That's One Expensive Cookie
Date Added: Nov. 17, 2007
How much would you pay for a great cookie recipe? Would you believe some stores charge as much as $250 for their recipes, but you can have the same recipe for FREE and strike a blow against a heartless corporate giant. Yeah, right!
Subject: Fwd: Neiman-Marcus Cookie Recipe - For Free
THIS IS NOT A JOKE ::: PLEASE READ AND FORWARD TO EVERYONE YOU KNOW
My daughter and I had just finished a salad at a Neiman-Marcus Café In Dallas and decided to have a small dessert. Because both of us are such cookie lovers, we decided to try the "Neiman-Marcus cookie." It was so excellent that I asked if they would give me the recipe and the waitress said with a small frown, "I'm afraid not but, you can buy the recipe."
Well, I asked how much, and she responded, "Only two fifty, it's a great deal!" I agreed with approval, just add it to my tab I told her.
Thirty days later, I received my VISA statement and it was $285.00. I looked again and I remembered I had only spent $9.95 for two salads and about $20.00 for a scarf. As I glanced at the bottom of the statement, it said, "Cookie Recipe - $250.00" That was outrageous!
I called Neiman's Accounting Dept. and told them the waitress said It was "two-fifty," which clearly does not mean "two hundred and fifty dollars" by any POSSIBLE* interpretation of the phrase. Neiman-Marcus refused to budge. They would not refund my money, because according to them, What the waitress told you is not our problem. You have already seen the recipe. We absolutely will not refund you money at this point."
I explained to her the criminal statues which govern fraud in Texas. I threatened To refer them to the Better Business Bureau and the State Attorney General Office for engaging in fraud. I was basically told, "Do what you want, it doesn't matter, we're not refunding your money." I waited, thinking of how I could get even, or even try and get any of my money back. I just said, "Okay, you folks got my $250, and now I'm going to have $250.00 Worth of fun." I told her that I was going to see to it that every Cookie Lover in the United States with an e-mail account has a $250.00 cookie recipe from Neiman-Marcus...for free.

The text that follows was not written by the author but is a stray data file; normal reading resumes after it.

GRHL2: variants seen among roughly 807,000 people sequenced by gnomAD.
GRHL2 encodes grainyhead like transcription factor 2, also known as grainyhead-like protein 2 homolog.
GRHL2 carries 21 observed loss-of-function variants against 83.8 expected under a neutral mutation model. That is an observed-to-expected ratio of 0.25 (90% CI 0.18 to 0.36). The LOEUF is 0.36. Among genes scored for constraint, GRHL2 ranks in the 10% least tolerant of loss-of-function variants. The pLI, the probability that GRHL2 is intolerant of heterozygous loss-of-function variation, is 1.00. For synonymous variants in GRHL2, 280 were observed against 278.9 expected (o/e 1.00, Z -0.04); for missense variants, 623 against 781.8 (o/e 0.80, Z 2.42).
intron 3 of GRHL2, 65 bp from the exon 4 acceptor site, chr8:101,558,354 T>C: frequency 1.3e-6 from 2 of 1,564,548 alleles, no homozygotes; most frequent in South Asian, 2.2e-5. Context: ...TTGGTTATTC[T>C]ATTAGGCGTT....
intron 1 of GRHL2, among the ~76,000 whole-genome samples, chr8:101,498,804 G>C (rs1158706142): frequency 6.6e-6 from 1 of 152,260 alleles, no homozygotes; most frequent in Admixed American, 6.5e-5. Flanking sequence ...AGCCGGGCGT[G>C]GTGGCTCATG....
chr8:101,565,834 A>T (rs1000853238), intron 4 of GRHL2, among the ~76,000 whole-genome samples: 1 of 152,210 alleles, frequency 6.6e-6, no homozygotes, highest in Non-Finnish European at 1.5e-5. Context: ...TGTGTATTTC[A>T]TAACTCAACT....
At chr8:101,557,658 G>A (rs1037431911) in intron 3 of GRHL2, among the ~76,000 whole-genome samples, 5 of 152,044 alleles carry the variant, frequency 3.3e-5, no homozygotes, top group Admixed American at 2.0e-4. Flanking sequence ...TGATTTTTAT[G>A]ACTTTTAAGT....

She replied, "I wish You wouldn't do this." I said, "Well, you should have thought of that before you ripped me off," and slammed down the phone on her. So here it is!!!
Please, please, please pass it on to everyone you can possibly think of. I paid $250 for this...I don't want Neiman-Marcus to *ever* get another cent for this recipe.
NEIMAN MARCUS COOKIES
(Recipe may be halved)
2 cups butter
* Measure oatmeal and blend in a blender to a fine powder.
* Cream the butter and both sugars.
* Add eggs and vanilla, mix together with flour, oatmeal, salt, baking powder, and soda.
* Add chocolate chips, Hershey Bar and nuts.
* Roll into balls and place two inches apart on a cookie sheet.
*Bake for 10 minutes at 375 degrees. Makes 112 cookies.
PLEASE SEND TO EVERY PERSON YOU KNOW WHO HAS
Stories of the trusting person who was duped into paying too much for a recipe, but gets revenge by sharing that recipe with everyone for free, have been around for a long time. The roots of this particular version can be traced back to 1948. In the 1960's, the evil corporate giant became the world-famous Waldorf Astoria hotel and the too-expensive recipe for their famous Red Velvet Cake. In the 1970's, it became a cookie recipe from Debbie Fields (of Mrs. Fields' Cookies fame). The Neiman-Marcus version surfaced in the '80s.
As with all urban legends, the story above is meant to teach a lesson while celebrating the ability of the "little man" to overcome oppression of any form. This tale tells us to not trust salespeople and to always be careful what charges we authorize on our credit cards. We revel in the story-teller's frustration trying to get retribution from the retail giant because, well, who among us haven't been in a similar situation. Urban legends like this one survive and grow because we want them to be true!
But it's not. Perhaps the most telling evidence against it is that Neiman-Marcus didn't even have a "Neiman-Marcus" cookie before this rumor started. The company created their cookie as a response to this e-rumor. Their recipe - which they invite you to copy and share - is posted on their web site. Break this Chain... and save some cookies for me.
References: Snopes.com, Neiman-Marcus